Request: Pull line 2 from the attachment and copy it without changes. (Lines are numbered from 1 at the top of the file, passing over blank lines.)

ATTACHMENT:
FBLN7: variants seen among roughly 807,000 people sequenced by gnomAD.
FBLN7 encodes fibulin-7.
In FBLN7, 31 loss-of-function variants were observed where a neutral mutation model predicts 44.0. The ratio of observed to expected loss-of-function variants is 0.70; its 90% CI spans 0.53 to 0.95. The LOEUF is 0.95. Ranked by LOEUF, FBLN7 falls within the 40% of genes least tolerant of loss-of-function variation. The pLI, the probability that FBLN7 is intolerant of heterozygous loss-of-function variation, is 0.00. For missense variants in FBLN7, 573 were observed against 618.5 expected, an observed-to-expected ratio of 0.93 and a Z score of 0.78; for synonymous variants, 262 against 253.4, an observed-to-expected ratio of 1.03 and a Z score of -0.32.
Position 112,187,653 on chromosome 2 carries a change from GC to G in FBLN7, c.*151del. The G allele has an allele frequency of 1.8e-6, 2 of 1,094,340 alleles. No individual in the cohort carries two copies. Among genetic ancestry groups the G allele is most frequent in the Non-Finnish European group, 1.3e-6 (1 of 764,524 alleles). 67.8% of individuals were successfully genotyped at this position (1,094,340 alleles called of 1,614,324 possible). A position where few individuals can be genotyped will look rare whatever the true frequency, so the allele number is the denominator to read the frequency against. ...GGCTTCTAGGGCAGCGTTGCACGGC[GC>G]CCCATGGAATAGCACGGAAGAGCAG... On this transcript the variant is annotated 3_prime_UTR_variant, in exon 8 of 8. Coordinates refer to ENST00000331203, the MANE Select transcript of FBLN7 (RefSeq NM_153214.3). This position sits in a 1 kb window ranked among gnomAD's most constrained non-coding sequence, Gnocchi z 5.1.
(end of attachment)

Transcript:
FBLN7 encodes fibulin-7.